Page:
``Just look at Italy and Great Britain, not to mention Israel, Argentine, and Brazil,'' explains Mr. Dombrowski of the National Economic Institute. ``All these cases show that indexation feeds inflation.''
Both Solidarity and the ruling communists are looking for salvation from the rich West. Before President Bush's visit here last week, they floated a plan for up to $10 billion in aid. In return for such an injection, Poles agreed to make sacrifices: an abrupt end of all price controls and subsidies, a six-month freeze on wages and social benefits, and big layoffs of workers in state-owned industry.
``It's up to the West to give us some breathing room,'' argues Krzysztof Sliwinski, head of Solidarity's international department. ``If you would give us food aid and private investment credits, then we would be able to take chances.''
At last weekend's Paris economic summit, the West's leaders agreed to aid Poland, beginning with emergency food packets. This should alleviate the immediate crunch. Jacques Delors, chairman of the European Commission, which will be coordinating the aid, said ``some meat could reach Poland in a few weeks.''
But no firm plans were announced to reschedule Poland's crushing $39 billion hard currency debt. And Mr. Delors warned that the aid would be conditional, tied to tough austerity measures.
``We are not going to provide manna from heaven,'' Mr. Delors said. ``East Europeans themselves have to do most of what has to be done.''
Some in Solidarity like Mr. Sliwinski still think their enormous demands were a good tactic. ``At least we got the West talking about billions, not millions,'' he says. Others in the more free-market wing of the movement think the strategy proved unfortunate, raising expectations in Poland that President Bush would arrive like Santa Claus and reinforcing Western skepticism about Solidarity's economic realism.
``The $10 billion figure was surrealistic,'' says Andrzej Machalski, a Solidarity Senator and director of an association of private businessmen. To attract Western aid and investment, ``we first must have a coherent economic program.''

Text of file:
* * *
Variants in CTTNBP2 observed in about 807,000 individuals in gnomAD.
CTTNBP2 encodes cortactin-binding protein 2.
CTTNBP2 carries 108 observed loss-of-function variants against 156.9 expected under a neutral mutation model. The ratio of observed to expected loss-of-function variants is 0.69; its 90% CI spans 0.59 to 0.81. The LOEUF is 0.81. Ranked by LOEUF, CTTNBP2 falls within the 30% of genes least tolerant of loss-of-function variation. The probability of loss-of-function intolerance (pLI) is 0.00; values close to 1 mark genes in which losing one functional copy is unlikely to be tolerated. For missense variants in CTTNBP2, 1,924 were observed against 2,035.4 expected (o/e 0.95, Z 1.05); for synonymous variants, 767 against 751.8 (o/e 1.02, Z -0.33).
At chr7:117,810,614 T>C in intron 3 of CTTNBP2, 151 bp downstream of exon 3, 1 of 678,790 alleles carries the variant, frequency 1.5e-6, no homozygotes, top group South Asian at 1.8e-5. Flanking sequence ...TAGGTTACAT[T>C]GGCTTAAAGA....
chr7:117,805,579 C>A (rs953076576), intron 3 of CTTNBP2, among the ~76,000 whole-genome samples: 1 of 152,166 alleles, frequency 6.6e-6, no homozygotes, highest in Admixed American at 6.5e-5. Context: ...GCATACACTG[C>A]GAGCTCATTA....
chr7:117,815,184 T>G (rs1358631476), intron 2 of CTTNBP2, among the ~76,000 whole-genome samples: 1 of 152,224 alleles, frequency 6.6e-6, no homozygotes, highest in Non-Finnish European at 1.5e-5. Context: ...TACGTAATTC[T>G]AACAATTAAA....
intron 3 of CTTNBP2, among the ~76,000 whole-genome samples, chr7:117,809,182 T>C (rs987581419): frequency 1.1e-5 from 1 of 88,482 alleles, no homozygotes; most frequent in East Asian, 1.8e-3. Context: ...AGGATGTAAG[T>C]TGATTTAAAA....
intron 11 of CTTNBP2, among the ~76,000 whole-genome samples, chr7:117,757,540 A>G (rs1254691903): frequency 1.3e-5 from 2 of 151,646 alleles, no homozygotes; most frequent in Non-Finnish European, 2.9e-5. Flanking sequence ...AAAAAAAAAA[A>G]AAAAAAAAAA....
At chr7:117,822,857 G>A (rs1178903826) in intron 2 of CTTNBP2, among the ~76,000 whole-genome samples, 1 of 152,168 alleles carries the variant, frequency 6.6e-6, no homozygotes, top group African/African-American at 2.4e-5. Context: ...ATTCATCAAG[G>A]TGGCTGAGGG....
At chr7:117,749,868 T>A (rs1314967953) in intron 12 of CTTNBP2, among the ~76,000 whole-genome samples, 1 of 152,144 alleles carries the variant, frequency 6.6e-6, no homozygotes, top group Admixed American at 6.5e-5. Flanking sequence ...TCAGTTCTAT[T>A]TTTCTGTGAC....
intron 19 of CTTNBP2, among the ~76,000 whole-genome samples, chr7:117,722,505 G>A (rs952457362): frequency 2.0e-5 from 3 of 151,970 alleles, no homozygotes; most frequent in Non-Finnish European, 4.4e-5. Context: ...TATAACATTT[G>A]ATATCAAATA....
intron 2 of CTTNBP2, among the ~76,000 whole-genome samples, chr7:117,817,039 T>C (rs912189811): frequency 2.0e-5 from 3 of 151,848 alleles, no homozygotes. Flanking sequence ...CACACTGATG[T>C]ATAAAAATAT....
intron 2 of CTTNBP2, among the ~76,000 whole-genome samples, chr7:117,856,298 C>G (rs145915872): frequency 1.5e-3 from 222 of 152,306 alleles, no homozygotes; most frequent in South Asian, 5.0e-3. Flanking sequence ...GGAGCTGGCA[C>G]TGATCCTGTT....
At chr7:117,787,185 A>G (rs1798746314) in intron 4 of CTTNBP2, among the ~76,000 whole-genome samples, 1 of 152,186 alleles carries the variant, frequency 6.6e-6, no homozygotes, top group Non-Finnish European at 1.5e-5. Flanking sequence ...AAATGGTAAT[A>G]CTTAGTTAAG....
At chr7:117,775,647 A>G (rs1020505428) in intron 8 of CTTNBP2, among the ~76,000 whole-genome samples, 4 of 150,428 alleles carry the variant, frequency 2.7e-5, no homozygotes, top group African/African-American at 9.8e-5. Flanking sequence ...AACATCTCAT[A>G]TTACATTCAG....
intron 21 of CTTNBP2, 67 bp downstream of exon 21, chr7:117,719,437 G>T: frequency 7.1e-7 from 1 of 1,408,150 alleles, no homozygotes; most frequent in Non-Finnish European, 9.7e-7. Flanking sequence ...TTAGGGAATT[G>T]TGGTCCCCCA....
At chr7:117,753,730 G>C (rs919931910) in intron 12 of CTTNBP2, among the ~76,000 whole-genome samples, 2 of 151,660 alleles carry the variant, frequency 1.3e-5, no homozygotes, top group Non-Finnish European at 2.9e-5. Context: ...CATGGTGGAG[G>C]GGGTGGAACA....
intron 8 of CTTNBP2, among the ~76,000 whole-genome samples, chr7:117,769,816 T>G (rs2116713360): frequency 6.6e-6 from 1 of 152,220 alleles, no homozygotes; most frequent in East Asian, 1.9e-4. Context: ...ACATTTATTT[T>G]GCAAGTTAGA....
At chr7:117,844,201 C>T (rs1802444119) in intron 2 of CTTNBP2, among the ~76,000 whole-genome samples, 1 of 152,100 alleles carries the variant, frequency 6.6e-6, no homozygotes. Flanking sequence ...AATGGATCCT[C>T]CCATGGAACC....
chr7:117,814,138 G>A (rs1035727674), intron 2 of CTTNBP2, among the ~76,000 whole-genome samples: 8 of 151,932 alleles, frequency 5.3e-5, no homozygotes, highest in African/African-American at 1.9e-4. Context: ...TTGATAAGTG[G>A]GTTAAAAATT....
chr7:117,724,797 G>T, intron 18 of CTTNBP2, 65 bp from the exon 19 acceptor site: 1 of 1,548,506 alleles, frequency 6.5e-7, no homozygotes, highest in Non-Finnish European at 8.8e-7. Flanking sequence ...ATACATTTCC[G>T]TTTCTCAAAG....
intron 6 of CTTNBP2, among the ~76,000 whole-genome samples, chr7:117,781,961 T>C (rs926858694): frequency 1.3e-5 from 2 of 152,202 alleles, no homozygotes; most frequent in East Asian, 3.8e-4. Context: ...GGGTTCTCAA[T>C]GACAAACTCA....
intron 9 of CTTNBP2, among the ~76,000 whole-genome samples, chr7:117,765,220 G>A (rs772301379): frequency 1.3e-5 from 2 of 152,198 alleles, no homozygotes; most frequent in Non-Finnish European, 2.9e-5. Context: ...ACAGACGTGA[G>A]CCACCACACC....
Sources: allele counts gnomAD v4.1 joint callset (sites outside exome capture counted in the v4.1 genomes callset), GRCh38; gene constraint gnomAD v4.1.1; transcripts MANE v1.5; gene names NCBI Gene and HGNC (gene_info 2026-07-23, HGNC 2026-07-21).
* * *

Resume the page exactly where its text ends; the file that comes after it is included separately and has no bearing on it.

``This is not a stable part of the world,'' adds economist Roszkowski. ``Foreign capital will not come here until the risks and dangers are less.''
To lower the dangers, Machalski, Roszkowski, and other free-market economists believe a cautious, incremental approach will not work. A jump-start is needed. The only precedent is Ludwig Erhard's currency reform in inflation-ridden West Germany in 1948. That cost Germans 90 percent of the face value of their savings overnight - but worked because goods became available in the stores for the new currency.
A new Polish currency backed by tight monetary policy accompanied by Western injections of aid and dramatic one-time restructuring might inspire similar confidence, even though it would initially cause much higher unemployment and much lower wage levels.
``We can't try to free the market step by step,'' Machalski argues. ``We must free the whole market.''
Back at the Supersam, this economic debate seems superfluous. Tempers are rising in the meat line.
``This is the third store I've visited this morning,'' one woman complains.
``I didn't even get to buy all the meat on my ration card last month,'' another adds.
``We can hardly live anymore,'' a third woman complains, older than the others. ``It's worse than during the German Occupation.''